Jo Morris, nursery manager of Playsteps in Swindon, offers her perspective on the funding difficulties and challenges the sector now faces as a result of the 30-hour offering:

This month saw the beginning of the 30-hour funding pilot across 8 Early Implementer Local Authorities. The sector has been discussing the pilot for months and these discussions look set to continue as everyone in Early Years has their say!

It is likely that the pilot will highlight many issues, initially raising more questions than it answers. One issue that has already been raised is around occupancies; providers are faced with having to increase hours for some children, which is putting pressure on the number of places they can offer and it is likely that this pressure will grow as settings move towards their busier Spring and Summer terms.

A huge question for settings is whether they hold spaces for children who currently attend for less than 30 hours but who are likely to become eligible for the full 30 from next year. Settings must decide whether these children will only be guaranteed the hours that they are already attending, risking that if they become eligible for 30 hours, the family decide to change settings if they aren’t offered their full entitlement. This issue does not arise with the current 15 hours as they are universal. However, as the additional 15 hours are not, settings are faced with having to attempt to second-guess which families may be eligible.

Arguably, the most pressing issue currently is that of the Early Years National Funding Formula. The consultation for this closed on the 22nd of September and has been the subject of much debate.

One area in particular that has caused tension is the huge difference between payments made to some maintained nursery schools and those made to the PVI providers in the same local authority, for example in Birmingham where nursery schools received an average of £8.36 per hour in 2015/16 whilst PVI’s received just £4.03 an hour.

It has been suggested by Russell Hobby, General Secretary of the National Association of Head Teachers, that maintained nursery schools employ more highly qualified staff, and consequently have higher operating costs.

PVI providers supporting the ‘Champagne Nurseries, Lemonade Funding’ campaign have disputed this, saying that many PVI’s employ graduates and Early Years Teachers and have expenses which maintained settings do not. This includes the rent/mortgage on their premises, the provision of home-cooked meals and all the costs associated with running a business. In addition, maintained nurseries can reclaim VAT on purchases, which PVI’s cannot do.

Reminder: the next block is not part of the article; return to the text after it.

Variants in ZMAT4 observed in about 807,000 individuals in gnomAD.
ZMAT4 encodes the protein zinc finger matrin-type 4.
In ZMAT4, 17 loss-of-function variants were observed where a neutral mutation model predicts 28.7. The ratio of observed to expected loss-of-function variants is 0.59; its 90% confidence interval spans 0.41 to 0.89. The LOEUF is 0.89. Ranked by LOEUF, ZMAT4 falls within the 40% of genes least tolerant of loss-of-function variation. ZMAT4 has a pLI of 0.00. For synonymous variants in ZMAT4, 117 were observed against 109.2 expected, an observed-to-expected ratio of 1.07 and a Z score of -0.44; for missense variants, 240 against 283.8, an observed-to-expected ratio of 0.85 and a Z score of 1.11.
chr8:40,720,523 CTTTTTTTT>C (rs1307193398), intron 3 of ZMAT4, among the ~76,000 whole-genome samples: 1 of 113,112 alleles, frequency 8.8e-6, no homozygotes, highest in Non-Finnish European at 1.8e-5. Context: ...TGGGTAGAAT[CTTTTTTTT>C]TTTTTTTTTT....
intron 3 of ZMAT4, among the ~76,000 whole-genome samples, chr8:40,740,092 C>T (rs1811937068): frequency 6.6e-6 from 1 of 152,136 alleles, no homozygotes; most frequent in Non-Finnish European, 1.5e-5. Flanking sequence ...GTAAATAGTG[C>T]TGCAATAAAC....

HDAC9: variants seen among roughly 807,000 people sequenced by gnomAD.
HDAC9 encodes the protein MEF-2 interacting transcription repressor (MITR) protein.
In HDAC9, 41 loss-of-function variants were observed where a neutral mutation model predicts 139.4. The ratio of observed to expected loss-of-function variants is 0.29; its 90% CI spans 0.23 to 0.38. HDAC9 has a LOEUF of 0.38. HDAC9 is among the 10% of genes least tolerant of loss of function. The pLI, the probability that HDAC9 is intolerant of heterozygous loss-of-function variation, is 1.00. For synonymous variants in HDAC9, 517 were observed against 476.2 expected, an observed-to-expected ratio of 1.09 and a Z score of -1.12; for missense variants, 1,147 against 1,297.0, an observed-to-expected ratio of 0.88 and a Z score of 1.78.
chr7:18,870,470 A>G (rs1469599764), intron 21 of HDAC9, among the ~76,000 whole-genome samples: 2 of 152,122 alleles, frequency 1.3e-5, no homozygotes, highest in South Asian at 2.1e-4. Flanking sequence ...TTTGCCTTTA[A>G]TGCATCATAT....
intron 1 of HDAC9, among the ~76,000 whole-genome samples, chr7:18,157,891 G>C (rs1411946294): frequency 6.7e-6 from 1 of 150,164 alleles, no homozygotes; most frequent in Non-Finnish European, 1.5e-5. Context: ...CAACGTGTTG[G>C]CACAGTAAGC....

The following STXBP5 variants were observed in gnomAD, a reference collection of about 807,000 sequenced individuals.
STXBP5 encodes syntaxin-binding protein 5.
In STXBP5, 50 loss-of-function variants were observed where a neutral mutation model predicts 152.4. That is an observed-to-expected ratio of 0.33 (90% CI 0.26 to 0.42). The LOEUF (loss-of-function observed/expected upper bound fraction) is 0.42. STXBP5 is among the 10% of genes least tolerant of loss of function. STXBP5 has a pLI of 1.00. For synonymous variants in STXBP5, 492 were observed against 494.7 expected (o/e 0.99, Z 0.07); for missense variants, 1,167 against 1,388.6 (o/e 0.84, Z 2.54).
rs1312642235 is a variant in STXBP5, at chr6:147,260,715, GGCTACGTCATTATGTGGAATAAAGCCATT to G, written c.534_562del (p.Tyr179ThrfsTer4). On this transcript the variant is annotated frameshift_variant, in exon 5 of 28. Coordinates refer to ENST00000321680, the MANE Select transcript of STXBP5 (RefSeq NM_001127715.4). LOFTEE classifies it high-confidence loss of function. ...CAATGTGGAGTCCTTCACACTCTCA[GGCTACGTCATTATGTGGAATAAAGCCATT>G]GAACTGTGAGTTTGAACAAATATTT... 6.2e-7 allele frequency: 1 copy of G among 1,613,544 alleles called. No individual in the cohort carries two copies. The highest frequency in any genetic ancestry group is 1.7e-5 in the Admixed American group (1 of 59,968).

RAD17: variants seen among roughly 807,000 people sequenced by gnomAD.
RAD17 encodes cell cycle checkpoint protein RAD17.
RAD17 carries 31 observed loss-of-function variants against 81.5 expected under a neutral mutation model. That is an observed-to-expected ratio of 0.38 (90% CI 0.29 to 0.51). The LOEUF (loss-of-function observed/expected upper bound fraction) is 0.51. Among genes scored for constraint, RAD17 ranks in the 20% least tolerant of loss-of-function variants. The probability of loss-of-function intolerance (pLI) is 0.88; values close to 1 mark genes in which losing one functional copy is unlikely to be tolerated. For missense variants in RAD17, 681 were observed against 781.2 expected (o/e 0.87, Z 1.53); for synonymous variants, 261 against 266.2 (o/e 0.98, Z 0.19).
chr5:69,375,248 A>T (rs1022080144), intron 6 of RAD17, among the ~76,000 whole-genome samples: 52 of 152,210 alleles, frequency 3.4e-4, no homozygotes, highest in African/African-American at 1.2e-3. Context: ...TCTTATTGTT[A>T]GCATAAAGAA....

Under the new EYNFF, Birmingham’s nursery schools would see a fall in their rate of funding to £4.44 per hour and although additional funding has been promised for the first 2 years, Mr Hobby believes that the formula would leave nursery schools unable to stay open unless they receive additional funding on an ongoing basis.

Despite the huge differences paid to different types of providers, there is no difference in the way the settings are inspected or the aspiration and expectation that they will deliver high quality early education to ensure the best possible outcomes for every child.

As a sector, we need to be careful that we don’t get caught up in a PVI versus nursery school debate; we know there hasn’t been a level playing field for years and finally now the PVI sector is standing up and saying that enough is enough.

But this is not about point scoring, let’s not get sidetracked by this, we are all Early Years and should be standing together to fight for a sustainable funding rate and the ability to make reasonable charges for additional services without falling foul of the Code of Practice.

We must not allow anything to distract us from the real issue which is that of the 30- hour scheme which is massively underfunded and needs a drastic shake-up.

All of us in the Early Years are passionate about delivering the very best for our children, regardless of which type of provision they attend. In order to do this, we must be financially viable and able to ensure long term sustainability, something which may not be achievable unless we remain united and continue to do everything that we can in order to ensure that the Government listens and responds to our sector’s concerns.

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